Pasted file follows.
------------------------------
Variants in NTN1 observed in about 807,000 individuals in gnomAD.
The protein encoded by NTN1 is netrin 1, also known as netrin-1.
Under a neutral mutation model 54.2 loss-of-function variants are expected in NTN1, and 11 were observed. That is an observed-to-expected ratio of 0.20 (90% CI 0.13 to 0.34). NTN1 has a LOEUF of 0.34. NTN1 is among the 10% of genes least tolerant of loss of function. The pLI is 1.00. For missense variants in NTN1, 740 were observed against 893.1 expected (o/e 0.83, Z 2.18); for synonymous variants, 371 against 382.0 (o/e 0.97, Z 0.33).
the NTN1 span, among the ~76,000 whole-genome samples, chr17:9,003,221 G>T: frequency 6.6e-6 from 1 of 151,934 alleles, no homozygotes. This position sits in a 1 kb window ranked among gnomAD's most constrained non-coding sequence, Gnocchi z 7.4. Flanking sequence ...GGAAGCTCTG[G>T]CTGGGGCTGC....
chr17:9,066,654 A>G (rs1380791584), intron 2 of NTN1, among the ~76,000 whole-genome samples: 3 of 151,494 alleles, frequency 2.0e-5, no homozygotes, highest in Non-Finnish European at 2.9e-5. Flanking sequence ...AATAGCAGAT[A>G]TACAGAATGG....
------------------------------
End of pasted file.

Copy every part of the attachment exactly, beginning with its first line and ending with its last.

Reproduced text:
Variants in NTN1 observed in about 807,000 individuals in gnomAD.
The protein encoded by NTN1 is netrin 1, also known as netrin-1.
Under a neutral mutation model 54.2 loss-of-function variants are expected in NTN1, and 11 were observed. That is an observed-to-expected ratio of 0.20 (90% CI 0.13 to 0.34). NTN1 has a LOEUF of 0.34. NTN1 is among the 10% of genes least tolerant of loss of function. The pLI is 1.00. For missense variants in NTN1, 740 were observed against 893.1 expected (o/e 0.83, Z 2.18); for synonymous variants, 371 against 382.0 (o/e 0.97, Z 0.33).
the NTN1 span, among the ~76,000 whole-genome samples, chr17:9,003,221 G>T: frequency 6.6e-6 from 1 of 151,934 alleles, no homozygotes. This position sits in a 1 kb window ranked among gnomAD's most constrained non-coding sequence, Gnocchi z 7.4. Flanking sequence ...GGAAGCTCTG[G>T]CTGGGGCTGC....
chr17:9,066,654 A>G (rs1380791584), intron 2 of NTN1, among the ~76,000 whole-genome samples: 3 of 151,494 alleles, frequency 2.0e-5, no homozygotes, highest in Non-Finnish European at 2.9e-5. Flanking sequence ...AATAGCAGAT[A>G]TACAGAATGG....